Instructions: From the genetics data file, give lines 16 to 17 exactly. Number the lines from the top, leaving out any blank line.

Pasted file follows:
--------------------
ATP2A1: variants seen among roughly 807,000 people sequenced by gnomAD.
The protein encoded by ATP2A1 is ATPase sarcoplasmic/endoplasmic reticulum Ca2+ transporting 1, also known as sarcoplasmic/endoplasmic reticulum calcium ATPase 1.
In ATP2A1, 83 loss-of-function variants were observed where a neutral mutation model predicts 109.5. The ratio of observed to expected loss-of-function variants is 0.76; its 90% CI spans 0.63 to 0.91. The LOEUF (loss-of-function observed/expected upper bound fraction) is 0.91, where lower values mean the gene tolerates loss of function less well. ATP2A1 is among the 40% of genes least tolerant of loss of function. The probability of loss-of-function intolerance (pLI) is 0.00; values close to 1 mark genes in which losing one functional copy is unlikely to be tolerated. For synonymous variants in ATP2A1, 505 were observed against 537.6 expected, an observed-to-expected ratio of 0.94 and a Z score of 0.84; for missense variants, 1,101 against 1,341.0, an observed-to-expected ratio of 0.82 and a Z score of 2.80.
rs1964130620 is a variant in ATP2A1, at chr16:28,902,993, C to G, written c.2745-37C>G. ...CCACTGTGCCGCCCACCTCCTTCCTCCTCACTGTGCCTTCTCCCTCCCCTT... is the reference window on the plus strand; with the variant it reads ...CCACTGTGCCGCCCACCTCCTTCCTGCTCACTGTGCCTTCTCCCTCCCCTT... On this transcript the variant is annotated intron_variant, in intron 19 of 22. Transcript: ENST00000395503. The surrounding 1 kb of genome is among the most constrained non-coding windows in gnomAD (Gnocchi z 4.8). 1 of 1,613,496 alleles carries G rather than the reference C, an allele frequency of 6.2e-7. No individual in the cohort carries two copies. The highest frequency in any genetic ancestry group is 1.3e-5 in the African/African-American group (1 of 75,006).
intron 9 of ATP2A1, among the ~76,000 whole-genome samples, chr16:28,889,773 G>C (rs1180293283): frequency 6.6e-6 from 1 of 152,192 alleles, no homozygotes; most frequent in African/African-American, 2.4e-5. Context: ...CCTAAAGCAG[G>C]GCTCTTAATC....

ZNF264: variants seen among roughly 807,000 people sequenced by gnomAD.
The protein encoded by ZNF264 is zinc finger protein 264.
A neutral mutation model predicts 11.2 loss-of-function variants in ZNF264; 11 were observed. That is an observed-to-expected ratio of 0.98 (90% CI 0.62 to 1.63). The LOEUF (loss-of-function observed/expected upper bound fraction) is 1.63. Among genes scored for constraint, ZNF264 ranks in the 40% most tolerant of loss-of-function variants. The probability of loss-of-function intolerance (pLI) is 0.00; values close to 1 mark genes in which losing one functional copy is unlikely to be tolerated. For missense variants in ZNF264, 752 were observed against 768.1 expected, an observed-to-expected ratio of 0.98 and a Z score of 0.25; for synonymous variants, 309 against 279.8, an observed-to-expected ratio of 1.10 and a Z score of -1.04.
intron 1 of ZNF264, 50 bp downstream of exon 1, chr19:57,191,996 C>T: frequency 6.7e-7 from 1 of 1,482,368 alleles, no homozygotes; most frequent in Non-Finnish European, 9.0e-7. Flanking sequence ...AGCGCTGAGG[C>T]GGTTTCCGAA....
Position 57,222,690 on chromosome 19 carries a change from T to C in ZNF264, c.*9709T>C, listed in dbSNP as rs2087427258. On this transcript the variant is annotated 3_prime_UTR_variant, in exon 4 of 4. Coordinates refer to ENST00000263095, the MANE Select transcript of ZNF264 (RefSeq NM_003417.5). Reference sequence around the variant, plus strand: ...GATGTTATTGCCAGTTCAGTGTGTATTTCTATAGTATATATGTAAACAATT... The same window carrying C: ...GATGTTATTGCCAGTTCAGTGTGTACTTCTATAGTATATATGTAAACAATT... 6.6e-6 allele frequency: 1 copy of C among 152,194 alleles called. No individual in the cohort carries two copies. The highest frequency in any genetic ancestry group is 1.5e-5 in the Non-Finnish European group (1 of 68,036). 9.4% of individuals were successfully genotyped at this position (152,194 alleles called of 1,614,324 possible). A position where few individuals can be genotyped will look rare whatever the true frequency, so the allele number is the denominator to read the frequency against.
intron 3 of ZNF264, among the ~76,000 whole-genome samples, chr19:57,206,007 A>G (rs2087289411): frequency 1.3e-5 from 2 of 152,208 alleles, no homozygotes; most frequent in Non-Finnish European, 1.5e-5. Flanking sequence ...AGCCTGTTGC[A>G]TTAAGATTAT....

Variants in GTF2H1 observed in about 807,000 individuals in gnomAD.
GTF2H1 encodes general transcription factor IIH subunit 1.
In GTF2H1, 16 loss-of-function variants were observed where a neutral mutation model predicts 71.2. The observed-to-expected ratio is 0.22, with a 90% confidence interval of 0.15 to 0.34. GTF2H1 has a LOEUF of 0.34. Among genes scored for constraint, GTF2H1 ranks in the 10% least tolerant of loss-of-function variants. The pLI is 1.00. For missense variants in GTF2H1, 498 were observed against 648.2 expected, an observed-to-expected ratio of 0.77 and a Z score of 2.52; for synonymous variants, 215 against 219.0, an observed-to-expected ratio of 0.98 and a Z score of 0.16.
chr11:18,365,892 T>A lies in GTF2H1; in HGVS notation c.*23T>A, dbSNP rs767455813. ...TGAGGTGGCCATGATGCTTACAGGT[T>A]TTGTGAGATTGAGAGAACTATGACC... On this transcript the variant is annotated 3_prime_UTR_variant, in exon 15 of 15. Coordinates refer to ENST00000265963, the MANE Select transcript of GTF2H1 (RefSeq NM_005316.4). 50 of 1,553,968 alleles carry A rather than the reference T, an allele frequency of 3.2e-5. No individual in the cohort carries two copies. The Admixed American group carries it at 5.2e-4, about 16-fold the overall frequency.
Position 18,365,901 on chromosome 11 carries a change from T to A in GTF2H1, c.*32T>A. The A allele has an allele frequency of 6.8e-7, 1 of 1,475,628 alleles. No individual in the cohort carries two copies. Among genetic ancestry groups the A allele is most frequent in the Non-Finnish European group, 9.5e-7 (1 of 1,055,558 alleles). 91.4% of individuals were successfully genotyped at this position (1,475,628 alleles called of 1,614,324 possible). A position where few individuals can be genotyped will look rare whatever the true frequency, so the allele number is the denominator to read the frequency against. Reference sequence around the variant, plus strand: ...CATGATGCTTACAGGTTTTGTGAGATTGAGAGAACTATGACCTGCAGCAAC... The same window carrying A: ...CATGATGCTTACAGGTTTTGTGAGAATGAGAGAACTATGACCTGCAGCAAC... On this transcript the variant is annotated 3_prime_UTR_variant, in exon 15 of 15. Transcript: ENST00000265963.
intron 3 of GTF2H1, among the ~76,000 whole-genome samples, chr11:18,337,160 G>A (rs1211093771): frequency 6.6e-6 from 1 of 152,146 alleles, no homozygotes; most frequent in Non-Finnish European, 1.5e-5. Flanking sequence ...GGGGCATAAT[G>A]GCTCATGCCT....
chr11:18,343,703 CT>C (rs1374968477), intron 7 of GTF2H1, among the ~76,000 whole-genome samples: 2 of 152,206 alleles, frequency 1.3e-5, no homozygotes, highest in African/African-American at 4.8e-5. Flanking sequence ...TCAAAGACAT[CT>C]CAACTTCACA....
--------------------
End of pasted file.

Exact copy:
Position 18,365,901 on chromosome 11 carries a change from T to A in GTF2H1, c.*32T>A. The A allele has an allele frequency of 6.8e-7, 1 of 1,475,628 alleles. No individual in the cohort carries two copies. Among genetic ancestry groups the A allele is most frequent in the Non-Finnish European group, 9.5e-7 (1 of 1,055,558 alleles). 91.4% of individuals were successfully genotyped at this position (1,475,628 alleles called of 1,614,324 possible). A position where few individuals can be genotyped will look rare whatever the true frequency, so the allele number is the denominator to read the frequency against. Reference sequence around the variant, plus strand: ...CATGATGCTTACAGGTTTTGTGAGATTGAGAGAACTATGACCTGCAGCAAC... The same window carrying A: ...CATGATGCTTACAGGTTTTGTGAGAATGAGAGAACTATGACCTGCAGCAAC... On this transcript the variant is annotated 3_prime_UTR_variant, in exon 15 of 15. Transcript: ENST00000265963.
intron 3 of GTF2H1, among the ~76,000 whole-genome samples, chr11:18,337,160 G>A (rs1211093771): frequency 6.6e-6 from 1 of 152,146 alleles, no homozygotes; most frequent in Non-Finnish European, 1.5e-5. Flanking sequence ...GGGGCATAAT[G>A]GCTCATGCCT....